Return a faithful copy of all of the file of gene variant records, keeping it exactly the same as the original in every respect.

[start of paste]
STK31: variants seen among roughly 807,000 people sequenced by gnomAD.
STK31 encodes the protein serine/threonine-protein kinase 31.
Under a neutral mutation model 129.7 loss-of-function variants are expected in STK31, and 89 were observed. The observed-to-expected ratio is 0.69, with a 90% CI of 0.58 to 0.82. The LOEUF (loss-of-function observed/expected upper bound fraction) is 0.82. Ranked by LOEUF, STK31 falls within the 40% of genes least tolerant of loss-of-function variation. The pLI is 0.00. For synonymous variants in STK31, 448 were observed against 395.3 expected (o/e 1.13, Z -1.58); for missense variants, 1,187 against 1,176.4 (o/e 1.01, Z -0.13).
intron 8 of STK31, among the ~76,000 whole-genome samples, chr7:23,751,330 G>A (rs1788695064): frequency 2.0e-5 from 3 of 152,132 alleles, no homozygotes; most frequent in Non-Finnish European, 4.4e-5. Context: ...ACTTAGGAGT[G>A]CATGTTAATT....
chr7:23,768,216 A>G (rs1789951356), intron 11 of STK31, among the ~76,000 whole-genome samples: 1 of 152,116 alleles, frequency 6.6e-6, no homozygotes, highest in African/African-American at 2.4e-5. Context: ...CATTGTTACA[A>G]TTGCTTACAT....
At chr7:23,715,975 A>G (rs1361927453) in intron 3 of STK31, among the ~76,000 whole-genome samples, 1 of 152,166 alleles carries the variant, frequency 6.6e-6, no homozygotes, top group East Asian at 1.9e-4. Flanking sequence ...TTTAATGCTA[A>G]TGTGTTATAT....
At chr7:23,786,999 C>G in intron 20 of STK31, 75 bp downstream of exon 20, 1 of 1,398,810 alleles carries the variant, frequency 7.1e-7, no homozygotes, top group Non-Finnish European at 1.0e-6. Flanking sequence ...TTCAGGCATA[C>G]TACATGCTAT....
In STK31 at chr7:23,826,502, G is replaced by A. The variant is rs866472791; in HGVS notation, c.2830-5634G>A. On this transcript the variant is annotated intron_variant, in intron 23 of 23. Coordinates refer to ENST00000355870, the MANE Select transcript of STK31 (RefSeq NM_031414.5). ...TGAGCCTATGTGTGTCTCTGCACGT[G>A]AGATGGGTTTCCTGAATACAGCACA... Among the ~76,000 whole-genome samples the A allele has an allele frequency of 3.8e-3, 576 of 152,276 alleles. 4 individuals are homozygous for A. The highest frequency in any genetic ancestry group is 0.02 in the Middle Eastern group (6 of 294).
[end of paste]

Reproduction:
STK31: variants seen among roughly 807,000 people sequenced by gnomAD.
STK31 encodes the protein serine/threonine-protein kinase 31.
Under a neutral mutation model 129.7 loss-of-function variants are expected in STK31, and 89 were observed. The observed-to-expected ratio is 0.69, with a 90% CI of 0.58 to 0.82. The LOEUF (loss-of-function observed/expected upper bound fraction) is 0.82. Ranked by LOEUF, STK31 falls within the 40% of genes least tolerant of loss-of-function variation. The pLI is 0.00. For synonymous variants in STK31, 448 were observed against 395.3 expected (o/e 1.13, Z -1.58); for missense variants, 1,187 against 1,176.4 (o/e 1.01, Z -0.13).
intron 8 of STK31, among the ~76,000 whole-genome samples, chr7:23,751,330 G>A (rs1788695064): frequency 2.0e-5 from 3 of 152,132 alleles, no homozygotes; most frequent in Non-Finnish European, 4.4e-5. Context: ...ACTTAGGAGT[G>A]CATGTTAATT....
chr7:23,768,216 A>G (rs1789951356), intron 11 of STK31, among the ~76,000 whole-genome samples: 1 of 152,116 alleles, frequency 6.6e-6, no homozygotes, highest in African/African-American at 2.4e-5. Context: ...CATTGTTACA[A>G]TTGCTTACAT....
At chr7:23,715,975 A>G (rs1361927453) in intron 3 of STK31, among the ~76,000 whole-genome samples, 1 of 152,166 alleles carries the variant, frequency 6.6e-6, no homozygotes, top group East Asian at 1.9e-4. Flanking sequence ...TTTAATGCTA[A>G]TGTGTTATAT....
At chr7:23,786,999 C>G in intron 20 of STK31, 75 bp downstream of exon 20, 1 of 1,398,810 alleles carries the variant, frequency 7.1e-7, no homozygotes, top group Non-Finnish European at 1.0e-6. Flanking sequence ...TTCAGGCATA[C>G]TACATGCTAT....
In STK31 at chr7:23,826,502, G is replaced by A. The variant is rs866472791; in HGVS notation, c.2830-5634G>A. On this transcript the variant is annotated intron_variant, in intron 23 of 23. Coordinates refer to ENST00000355870, the MANE Select transcript of STK31 (RefSeq NM_031414.5). ...TGAGCCTATGTGTGTCTCTGCACGT[G>A]AGATGGGTTTCCTGAATACAGCACA... Among the ~76,000 whole-genome samples the A allele has an allele frequency of 3.8e-3, 576 of 152,276 alleles. 4 individuals are homozygous for A. The highest frequency in any genetic ancestry group is 0.02 in the Middle Eastern group (6 of 294).